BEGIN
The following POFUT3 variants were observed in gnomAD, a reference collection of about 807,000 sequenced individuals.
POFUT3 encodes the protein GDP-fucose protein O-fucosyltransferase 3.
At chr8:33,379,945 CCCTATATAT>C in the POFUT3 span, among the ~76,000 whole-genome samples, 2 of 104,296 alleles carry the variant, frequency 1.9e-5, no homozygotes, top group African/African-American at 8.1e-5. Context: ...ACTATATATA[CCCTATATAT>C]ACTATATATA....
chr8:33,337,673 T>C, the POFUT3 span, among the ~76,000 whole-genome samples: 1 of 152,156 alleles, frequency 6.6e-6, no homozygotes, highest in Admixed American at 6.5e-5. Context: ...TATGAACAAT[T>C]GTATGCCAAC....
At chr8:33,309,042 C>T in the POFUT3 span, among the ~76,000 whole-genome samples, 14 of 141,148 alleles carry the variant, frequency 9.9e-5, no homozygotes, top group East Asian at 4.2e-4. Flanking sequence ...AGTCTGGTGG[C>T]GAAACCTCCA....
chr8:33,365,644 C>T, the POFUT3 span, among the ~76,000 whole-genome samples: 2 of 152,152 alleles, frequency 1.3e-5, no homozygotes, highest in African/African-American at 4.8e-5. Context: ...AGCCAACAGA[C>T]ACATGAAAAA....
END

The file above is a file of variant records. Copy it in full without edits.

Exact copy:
The following POFUT3 variants were observed in gnomAD, a reference collection of about 807,000 sequenced individuals.
POFUT3 encodes the protein GDP-fucose protein O-fucosyltransferase 3.
At chr8:33,379,945 CCCTATATAT>C in the POFUT3 span, among the ~76,000 whole-genome samples, 2 of 104,296 alleles carry the variant, frequency 1.9e-5, no homozygotes, top group African/African-American at 8.1e-5. Context: ...ACTATATATA[CCCTATATAT>C]ACTATATATA....
chr8:33,337,673 T>C, the POFUT3 span, among the ~76,000 whole-genome samples: 1 of 152,156 alleles, frequency 6.6e-6, no homozygotes, highest in Admixed American at 6.5e-5. Context: ...TATGAACAAT[T>C]GTATGCCAAC....
At chr8:33,309,042 C>T in the POFUT3 span, among the ~76,000 whole-genome samples, 14 of 141,148 alleles carry the variant, frequency 9.9e-5, no homozygotes, top group East Asian at 4.2e-4. Flanking sequence ...AGTCTGGTGG[C>T]GAAACCTCCA....
chr8:33,365,644 C>T, the POFUT3 span, among the ~76,000 whole-genome samples: 2 of 152,152 alleles, frequency 1.3e-5, no homozygotes, highest in African/African-American at 4.8e-5. Context: ...AGCCAACAGA[C>T]ACATGAAAAA....